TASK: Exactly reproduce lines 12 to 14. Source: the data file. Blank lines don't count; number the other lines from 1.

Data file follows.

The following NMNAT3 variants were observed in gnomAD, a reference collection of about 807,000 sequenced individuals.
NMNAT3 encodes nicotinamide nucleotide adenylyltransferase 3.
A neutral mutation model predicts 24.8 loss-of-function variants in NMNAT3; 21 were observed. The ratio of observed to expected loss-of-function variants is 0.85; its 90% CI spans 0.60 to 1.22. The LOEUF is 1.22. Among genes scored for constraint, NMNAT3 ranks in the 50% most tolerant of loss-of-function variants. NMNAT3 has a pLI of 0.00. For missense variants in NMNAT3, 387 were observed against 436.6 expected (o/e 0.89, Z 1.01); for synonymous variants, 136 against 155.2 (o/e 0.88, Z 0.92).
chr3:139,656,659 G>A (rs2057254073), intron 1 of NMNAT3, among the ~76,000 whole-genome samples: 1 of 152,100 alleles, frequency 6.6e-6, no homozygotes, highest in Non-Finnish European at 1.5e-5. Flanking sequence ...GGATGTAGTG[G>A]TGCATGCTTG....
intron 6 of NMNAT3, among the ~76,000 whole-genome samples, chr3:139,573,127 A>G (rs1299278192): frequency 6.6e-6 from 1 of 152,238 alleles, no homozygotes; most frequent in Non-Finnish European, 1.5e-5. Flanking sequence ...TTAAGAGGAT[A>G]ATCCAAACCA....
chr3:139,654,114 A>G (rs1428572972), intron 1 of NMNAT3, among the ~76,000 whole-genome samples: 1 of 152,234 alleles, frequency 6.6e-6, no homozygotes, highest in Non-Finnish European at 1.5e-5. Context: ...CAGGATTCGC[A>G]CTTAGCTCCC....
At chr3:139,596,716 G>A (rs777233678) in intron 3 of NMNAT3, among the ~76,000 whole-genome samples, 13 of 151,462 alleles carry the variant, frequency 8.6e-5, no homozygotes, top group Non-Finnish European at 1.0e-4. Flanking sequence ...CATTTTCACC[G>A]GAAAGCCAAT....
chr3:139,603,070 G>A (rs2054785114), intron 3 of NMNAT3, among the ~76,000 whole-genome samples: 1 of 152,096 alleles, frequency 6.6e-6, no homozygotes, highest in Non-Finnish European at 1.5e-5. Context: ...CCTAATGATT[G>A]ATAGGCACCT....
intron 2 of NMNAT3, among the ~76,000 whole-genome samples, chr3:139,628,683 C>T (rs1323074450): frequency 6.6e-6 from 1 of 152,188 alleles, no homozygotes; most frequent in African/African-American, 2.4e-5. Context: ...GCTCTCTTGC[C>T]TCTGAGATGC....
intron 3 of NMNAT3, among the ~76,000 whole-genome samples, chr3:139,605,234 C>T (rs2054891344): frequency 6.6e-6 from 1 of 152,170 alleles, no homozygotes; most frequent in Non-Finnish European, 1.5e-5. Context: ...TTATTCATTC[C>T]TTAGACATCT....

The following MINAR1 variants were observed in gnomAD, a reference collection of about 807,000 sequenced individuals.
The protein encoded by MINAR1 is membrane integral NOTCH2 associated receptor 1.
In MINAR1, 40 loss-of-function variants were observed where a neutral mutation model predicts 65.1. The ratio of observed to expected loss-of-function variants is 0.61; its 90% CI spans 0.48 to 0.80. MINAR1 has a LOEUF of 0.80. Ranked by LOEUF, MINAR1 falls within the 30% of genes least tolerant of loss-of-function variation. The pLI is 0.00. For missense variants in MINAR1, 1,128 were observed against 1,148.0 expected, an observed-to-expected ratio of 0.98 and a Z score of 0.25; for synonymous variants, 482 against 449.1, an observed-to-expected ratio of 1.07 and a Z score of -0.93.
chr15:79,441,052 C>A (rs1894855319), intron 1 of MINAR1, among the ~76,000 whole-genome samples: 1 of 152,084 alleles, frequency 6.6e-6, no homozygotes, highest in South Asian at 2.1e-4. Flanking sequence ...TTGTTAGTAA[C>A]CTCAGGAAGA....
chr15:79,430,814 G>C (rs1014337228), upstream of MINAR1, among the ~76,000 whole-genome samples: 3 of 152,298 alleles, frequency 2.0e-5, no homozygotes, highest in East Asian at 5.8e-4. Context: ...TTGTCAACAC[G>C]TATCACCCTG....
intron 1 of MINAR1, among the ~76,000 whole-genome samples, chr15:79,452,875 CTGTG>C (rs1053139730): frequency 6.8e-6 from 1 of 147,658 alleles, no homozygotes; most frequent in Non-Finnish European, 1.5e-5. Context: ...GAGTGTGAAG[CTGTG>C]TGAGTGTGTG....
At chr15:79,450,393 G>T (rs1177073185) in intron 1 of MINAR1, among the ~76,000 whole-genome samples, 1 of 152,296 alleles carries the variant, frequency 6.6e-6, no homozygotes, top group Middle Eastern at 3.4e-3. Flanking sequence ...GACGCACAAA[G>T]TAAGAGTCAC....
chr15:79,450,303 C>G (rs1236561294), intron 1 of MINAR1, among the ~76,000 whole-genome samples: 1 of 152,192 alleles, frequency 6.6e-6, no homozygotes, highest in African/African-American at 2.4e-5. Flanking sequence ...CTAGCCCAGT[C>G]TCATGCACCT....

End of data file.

The protein encoded by MINAR1 is membrane integral NOTCH2 associated receptor 1.
In MINAR1, 40 loss-of-function variants were observed where a neutral mutation model predicts 65.1. The ratio of observed to expected loss-of-function variants is 0.61; its 90% CI spans 0.48 to 0.80. MINAR1 has a LOEUF of 0.80. Ranked by LOEUF, MINAR1 falls within the 30% of genes least tolerant of loss-of-function variation. The pLI is 0.00. For missense variants in MINAR1, 1,128 were observed against 1,148.0 expected, an observed-to-expected ratio of 0.98 and a Z score of 0.25; for synonymous variants, 482 against 449.1, an observed-to-expected ratio of 1.07 and a Z score of -0.93.
chr15:79,441,052 C>A (rs1894855319), intron 1 of MINAR1, among the ~76,000 whole-genome samples: 1 of 152,084 alleles, frequency 6.6e-6, no homozygotes, highest in South Asian at 2.1e-4. Flanking sequence ...TTGTTAGTAA[C>A]CTCAGGAAGA....